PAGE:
Special Issue Feature

» techniques, DNA sequencing and cancer

Most Recent

image: Thirty Years of Progress

Thirty Years of Progress

By | October 1, 2016

Since The Scientist published its first issue in October 1986, life-science research has transformed from a manual and often tedious task to a high-tech, largely automated process of unprecedented efficiency.

1 Comment

image: A Different Way of Doing Things

A Different Way of Doing Things

By | April 1, 2016

Cancer cells exhibit altered metabolic processes that may serve as promising targets for new therapies.

0 Comments

image: Microbes Meet Cancer

Microbes Meet Cancer

By | April 1, 2016

Understanding cancer’s relationship with the human microbiome could transform immune-modulating therapies.

4 Comments

image: The Forces of Cancer

The Forces of Cancer

By | April 1, 2016

A tumor’s physical environment fuels its growth and causes treatment resistance.

0 Comments

image: A Small Revolution

A Small Revolution

By | October 1, 2011

In fewer than 15 years, nanomedicine has gone from fantasy to reality.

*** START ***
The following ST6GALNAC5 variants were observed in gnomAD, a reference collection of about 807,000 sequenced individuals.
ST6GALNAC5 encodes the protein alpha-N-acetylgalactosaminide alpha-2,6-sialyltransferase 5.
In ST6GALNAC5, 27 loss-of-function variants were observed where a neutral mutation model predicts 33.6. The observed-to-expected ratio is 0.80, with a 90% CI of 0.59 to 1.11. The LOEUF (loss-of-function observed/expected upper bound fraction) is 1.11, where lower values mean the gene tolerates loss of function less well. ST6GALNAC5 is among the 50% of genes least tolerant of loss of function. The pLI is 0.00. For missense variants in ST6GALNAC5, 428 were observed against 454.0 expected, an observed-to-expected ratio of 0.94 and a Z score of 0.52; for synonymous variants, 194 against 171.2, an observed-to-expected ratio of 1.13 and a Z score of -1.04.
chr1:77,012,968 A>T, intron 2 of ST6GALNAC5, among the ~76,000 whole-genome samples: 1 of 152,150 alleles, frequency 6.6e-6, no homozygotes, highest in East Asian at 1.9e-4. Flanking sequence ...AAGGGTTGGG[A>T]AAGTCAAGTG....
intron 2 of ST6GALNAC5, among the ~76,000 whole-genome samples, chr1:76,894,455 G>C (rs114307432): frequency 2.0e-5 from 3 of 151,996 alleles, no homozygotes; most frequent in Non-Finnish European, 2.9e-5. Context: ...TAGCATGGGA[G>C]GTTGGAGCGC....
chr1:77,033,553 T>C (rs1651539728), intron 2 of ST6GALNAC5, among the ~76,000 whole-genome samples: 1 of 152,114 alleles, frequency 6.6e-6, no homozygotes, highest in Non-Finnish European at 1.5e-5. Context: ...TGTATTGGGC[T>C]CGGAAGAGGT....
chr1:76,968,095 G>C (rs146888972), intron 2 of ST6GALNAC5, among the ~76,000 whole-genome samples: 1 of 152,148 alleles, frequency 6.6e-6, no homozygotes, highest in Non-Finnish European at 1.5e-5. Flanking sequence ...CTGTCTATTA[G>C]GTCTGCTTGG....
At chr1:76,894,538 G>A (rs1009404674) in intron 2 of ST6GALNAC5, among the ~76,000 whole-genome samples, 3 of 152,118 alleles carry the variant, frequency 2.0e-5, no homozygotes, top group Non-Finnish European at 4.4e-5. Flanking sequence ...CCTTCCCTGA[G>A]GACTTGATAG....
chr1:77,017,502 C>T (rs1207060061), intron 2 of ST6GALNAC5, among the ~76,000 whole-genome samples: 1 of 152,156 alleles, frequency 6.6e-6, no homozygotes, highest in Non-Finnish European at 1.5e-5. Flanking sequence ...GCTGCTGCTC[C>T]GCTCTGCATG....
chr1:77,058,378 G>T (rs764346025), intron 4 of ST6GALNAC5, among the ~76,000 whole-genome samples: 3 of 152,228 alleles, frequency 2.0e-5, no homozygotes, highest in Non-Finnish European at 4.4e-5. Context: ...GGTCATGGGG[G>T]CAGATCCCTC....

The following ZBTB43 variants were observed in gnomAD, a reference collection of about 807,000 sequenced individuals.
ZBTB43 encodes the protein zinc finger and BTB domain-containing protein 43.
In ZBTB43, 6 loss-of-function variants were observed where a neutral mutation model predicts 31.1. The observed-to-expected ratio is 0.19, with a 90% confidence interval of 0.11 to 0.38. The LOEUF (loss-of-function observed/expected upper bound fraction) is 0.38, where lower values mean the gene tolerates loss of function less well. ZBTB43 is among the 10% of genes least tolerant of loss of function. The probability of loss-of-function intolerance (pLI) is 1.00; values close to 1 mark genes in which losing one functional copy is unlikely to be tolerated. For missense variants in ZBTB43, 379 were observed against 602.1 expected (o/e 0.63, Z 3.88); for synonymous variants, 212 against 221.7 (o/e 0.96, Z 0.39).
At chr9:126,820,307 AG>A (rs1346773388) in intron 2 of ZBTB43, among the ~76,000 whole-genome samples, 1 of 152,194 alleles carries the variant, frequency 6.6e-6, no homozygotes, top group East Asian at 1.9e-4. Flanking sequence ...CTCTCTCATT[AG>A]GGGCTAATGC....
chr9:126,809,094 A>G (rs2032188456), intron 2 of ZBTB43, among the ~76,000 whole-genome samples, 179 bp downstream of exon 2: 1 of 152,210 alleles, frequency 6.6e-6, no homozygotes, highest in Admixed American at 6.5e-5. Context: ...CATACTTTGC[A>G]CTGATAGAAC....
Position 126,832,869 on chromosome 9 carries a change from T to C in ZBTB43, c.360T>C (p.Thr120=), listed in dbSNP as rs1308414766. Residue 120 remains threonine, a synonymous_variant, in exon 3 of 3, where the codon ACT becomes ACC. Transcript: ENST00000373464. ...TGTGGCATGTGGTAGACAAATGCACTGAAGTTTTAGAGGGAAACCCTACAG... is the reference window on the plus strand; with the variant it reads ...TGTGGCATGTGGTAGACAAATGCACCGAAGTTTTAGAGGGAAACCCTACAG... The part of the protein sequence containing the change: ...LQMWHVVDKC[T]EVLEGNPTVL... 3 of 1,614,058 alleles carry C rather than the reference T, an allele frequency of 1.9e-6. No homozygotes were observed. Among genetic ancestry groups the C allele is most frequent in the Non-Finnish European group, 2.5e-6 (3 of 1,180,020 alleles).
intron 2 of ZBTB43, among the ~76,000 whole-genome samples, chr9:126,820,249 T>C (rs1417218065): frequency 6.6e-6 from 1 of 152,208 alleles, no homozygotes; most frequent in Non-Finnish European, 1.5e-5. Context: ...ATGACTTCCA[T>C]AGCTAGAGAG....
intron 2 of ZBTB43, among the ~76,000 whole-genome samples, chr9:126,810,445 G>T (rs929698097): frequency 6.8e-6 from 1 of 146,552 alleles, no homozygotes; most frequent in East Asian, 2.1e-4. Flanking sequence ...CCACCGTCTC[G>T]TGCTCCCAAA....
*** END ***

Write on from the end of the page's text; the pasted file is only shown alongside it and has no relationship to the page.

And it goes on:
0 Comments

image: Opinion: Synthesizing Life

Opinion: Synthesizing Life

By | October 1, 2011

Designing genomes from scratch will be the next revolution in biology.

12 Comments

image: Opinion: Thinking Outside the Genome

Opinion: Thinking Outside the Genome

By | October 1, 2011

By extending its reach beyond science, the field of omics will change the way we live our lives.

6 Comments

image: Data Deluge

Data Deluge

By | October 1, 2011

Large-scale data collection and analysis have fundamentally altered the process and mind-set of biological research.

15 Comments

Popular Now

  1. Scientists Continue to Use Outdated Methods
  2. Secret Eugenics Conference Uncovered at University College London
  3. Like Humans, Walruses and Bats Cuddle Infants on Their Left Sides
  4. How Do Infant Immune Systems Learn to Tolerate Gut Bacteria?
AAAS